9. Doctor Who And The Anchoring Effect Back in November, the BBC announced it had recovered some of the “missing episodes” of long-running sci-fi show Doctor Who – but not quite as many as had been rumoured. The reactions were a perfect encapsulation of psychology’s “anchoring effect”….

8. Research And Big Data: Seven Roads To Enlightenment In February, BrainJuicer partnered with the AMA to organise the first ever Analytics With Purpose conference. (The second one is coming up!) Here, conference chair Tom Ewing summarised the themes of the conference and of research’s relationship to big data.

7. Moving The Elephant If you’ve seen one of our Webinars this year (and if you haven’t, check them out!) you’ve probably seen “the elephant and the rider” – our favourite metaphor for decision making. This is the post which explains why we like it and where it comes from.

6. When Stories Suck The more specific a story is, the more likely it is to be believed… but the less likely it is to be true. This post looks at the dark side of “storytelling” and its dire implications for common research techniques like segmentation.

Any excuse, frankly.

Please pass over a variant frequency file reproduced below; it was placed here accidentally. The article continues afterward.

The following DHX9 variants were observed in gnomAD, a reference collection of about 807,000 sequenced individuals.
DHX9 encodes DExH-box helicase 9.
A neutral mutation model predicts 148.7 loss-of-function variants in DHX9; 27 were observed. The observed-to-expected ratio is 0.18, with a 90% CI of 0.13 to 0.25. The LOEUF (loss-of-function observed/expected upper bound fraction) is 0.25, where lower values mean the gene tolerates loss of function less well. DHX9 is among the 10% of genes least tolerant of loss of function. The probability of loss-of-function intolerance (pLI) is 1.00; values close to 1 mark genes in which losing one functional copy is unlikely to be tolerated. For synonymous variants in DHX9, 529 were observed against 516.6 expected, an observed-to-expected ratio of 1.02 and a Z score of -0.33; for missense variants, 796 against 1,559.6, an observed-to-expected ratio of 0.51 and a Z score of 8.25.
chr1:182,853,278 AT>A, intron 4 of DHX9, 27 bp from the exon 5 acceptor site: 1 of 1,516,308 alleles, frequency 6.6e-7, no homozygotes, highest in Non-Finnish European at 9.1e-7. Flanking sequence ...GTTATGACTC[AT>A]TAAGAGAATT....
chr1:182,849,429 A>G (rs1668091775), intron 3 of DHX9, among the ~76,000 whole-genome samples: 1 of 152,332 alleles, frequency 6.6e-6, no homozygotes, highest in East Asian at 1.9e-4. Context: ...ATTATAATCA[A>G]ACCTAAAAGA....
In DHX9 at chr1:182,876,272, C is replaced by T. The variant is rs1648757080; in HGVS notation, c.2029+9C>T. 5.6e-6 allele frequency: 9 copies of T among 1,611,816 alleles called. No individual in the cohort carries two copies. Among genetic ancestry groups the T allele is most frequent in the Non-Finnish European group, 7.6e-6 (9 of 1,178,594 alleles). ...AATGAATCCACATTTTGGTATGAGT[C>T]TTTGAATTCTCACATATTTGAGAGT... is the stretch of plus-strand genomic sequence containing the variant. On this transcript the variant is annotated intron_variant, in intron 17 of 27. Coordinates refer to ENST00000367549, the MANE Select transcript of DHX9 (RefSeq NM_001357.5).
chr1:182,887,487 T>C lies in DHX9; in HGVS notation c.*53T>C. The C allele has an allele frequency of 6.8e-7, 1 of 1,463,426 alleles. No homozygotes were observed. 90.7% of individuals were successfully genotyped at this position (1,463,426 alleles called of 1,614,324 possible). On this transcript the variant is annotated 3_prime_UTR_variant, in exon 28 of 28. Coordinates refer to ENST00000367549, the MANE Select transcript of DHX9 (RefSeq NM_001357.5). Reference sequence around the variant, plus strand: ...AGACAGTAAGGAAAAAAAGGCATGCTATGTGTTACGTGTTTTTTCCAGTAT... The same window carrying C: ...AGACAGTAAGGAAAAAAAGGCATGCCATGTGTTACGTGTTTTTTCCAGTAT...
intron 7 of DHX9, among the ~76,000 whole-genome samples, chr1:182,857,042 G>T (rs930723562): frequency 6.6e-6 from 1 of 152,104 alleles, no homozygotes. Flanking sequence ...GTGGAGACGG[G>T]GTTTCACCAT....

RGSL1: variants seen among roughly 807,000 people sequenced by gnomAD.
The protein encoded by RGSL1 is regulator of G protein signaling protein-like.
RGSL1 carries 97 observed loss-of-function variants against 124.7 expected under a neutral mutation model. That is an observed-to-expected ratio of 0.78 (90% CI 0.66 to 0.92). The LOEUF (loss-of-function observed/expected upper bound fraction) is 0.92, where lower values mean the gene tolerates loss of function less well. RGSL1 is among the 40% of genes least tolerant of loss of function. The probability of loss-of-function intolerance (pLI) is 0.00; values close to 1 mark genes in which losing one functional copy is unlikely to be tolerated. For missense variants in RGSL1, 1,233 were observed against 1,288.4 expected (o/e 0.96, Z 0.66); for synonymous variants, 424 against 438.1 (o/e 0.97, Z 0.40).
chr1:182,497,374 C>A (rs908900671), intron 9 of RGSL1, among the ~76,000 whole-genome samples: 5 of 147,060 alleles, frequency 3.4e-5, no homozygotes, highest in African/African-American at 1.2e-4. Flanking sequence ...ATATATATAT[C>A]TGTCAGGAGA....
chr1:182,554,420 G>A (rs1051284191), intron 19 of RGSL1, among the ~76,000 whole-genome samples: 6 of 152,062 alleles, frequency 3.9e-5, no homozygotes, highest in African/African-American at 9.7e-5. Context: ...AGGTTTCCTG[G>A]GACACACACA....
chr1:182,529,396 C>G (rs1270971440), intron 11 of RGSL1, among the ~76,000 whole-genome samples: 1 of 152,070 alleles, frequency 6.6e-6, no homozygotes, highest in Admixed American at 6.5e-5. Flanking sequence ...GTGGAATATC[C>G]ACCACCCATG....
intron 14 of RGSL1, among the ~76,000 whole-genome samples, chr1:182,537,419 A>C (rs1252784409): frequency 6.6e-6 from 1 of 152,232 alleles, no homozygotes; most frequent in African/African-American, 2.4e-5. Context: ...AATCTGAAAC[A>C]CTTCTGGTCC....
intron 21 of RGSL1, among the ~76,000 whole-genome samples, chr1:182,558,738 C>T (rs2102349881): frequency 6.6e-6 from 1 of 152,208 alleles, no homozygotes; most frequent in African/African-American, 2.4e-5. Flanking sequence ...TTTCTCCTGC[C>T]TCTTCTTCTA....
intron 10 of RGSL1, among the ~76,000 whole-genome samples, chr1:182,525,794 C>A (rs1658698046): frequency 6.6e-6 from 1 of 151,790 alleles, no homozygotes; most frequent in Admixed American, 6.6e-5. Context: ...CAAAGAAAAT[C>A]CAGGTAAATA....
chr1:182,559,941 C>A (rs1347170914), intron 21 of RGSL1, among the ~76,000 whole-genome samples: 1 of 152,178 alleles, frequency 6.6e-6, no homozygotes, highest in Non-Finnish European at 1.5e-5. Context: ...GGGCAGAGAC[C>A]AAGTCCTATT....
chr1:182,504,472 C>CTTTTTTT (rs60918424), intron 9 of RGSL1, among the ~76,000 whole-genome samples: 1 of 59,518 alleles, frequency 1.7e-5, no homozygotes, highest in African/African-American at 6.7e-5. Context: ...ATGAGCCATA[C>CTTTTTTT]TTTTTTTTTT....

Any excuse, frankly.

5. Taming The Panda “Brand Trackers are the Giant Pandas of research”. ‘Nuff said.

4. Eight Days Of Emotion Emotions matter – so back in March we took the opportunity to throw a spotlight on each of our basic emotions in turn. This master post collected the series – find out which ads use sadness best, the difference between contempt and anger for a brand, and the uses of happiness (and lots more).

And now, the top 3…. Continue reading

Research Is Doomed! (Part 759)

Every few months one of the business sites publishes a piece having a go at market research. Usually these articles are a heady mix of dramatic predictions, weirdly dated assumptions about what researchers do, and – let’s be honest – a few sharp truths.

This one, in Forbes, is no exception. The gist is that “Big Research” is going to get kerb-stomped by “Big Data”, so the piece combines its downer on research with a bouncy optimism about the infinite powers of big data. I’m not going to go through it point-by-point, and anyhow plenty of other commentators have outlined where big data and research fit with each other. But this line stood out.

“What possible similarity is there between a person in 1972 and today in terms of how they respond to an ad?”

1972 fashion

1972 – too remote to matter?

What indeed? Let’s start with biology, psychology, emotions, how they make decisions, the fundamental needs they might be trying to fulfil… but no – in a world transformed by technology none of those things matter. Continue reading